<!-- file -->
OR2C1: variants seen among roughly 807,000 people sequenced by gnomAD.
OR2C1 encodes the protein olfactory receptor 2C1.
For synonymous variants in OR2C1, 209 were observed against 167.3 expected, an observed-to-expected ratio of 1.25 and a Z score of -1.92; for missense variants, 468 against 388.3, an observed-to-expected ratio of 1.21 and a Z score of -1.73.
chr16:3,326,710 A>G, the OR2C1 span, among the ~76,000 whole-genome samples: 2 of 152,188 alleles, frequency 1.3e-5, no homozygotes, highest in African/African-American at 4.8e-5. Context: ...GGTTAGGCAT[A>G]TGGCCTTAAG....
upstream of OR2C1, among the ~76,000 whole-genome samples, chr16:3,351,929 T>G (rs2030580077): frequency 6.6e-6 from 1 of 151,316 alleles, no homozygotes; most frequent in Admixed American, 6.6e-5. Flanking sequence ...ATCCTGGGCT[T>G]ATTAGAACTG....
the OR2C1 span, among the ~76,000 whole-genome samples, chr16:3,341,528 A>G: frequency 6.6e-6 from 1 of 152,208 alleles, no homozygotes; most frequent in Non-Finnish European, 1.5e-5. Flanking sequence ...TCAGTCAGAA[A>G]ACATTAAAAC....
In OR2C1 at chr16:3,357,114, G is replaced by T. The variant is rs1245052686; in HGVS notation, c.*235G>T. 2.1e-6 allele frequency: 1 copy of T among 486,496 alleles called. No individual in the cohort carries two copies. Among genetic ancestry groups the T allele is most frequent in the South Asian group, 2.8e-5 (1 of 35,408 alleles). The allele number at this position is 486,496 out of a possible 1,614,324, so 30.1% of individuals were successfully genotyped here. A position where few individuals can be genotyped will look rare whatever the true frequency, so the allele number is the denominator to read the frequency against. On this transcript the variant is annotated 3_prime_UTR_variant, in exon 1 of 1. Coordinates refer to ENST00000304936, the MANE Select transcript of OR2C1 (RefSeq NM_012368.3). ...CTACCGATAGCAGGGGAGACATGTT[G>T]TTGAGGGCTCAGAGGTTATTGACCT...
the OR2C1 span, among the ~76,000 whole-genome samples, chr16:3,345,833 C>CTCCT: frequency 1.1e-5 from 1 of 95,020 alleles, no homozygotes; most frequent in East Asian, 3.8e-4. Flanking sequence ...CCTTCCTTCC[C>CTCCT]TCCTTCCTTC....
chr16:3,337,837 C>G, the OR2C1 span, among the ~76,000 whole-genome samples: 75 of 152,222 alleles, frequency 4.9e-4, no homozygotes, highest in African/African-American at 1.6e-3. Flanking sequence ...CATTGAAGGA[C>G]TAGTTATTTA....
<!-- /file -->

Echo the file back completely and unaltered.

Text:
OR2C1: variants seen among roughly 807,000 people sequenced by gnomAD.
OR2C1 encodes the protein olfactory receptor 2C1.
For synonymous variants in OR2C1, 209 were observed against 167.3 expected, an observed-to-expected ratio of 1.25 and a Z score of -1.92; for missense variants, 468 against 388.3, an observed-to-expected ratio of 1.21 and a Z score of -1.73.
chr16:3,326,710 A>G, the OR2C1 span, among the ~76,000 whole-genome samples: 2 of 152,188 alleles, frequency 1.3e-5, no homozygotes, highest in African/African-American at 4.8e-5. Context: ...GGTTAGGCAT[A>G]TGGCCTTAAG....
upstream of OR2C1, among the ~76,000 whole-genome samples, chr16:3,351,929 T>G (rs2030580077): frequency 6.6e-6 from 1 of 151,316 alleles, no homozygotes; most frequent in Admixed American, 6.6e-5. Flanking sequence ...ATCCTGGGCT[T>G]ATTAGAACTG....
the OR2C1 span, among the ~76,000 whole-genome samples, chr16:3,341,528 A>G: frequency 6.6e-6 from 1 of 152,208 alleles, no homozygotes; most frequent in Non-Finnish European, 1.5e-5. Flanking sequence ...TCAGTCAGAA[A>G]ACATTAAAAC....
In OR2C1 at chr16:3,357,114, G is replaced by T. The variant is rs1245052686; in HGVS notation, c.*235G>T. 2.1e-6 allele frequency: 1 copy of T among 486,496 alleles called. No individual in the cohort carries two copies. Among genetic ancestry groups the T allele is most frequent in the South Asian group, 2.8e-5 (1 of 35,408 alleles). The allele number at this position is 486,496 out of a possible 1,614,324, so 30.1% of individuals were successfully genotyped here. A position where few individuals can be genotyped will look rare whatever the true frequency, so the allele number is the denominator to read the frequency against. On this transcript the variant is annotated 3_prime_UTR_variant, in exon 1 of 1. Coordinates refer to ENST00000304936, the MANE Select transcript of OR2C1 (RefSeq NM_012368.3). ...CTACCGATAGCAGGGGAGACATGTT[G>T]TTGAGGGCTCAGAGGTTATTGACCT...
the OR2C1 span, among the ~76,000 whole-genome samples, chr16:3,345,833 C>CTCCT: frequency 1.1e-5 from 1 of 95,020 alleles, no homozygotes; most frequent in East Asian, 3.8e-4. Flanking sequence ...CCTTCCTTCC[C>CTCCT]TCCTTCCTTC....
chr16:3,337,837 C>G, the OR2C1 span, among the ~76,000 whole-genome samples: 75 of 152,222 alleles, frequency 4.9e-4, no homozygotes, highest in African/African-American at 1.6e-3. Flanking sequence ...CATTGAAGGA[C>G]TAGTTATTTA....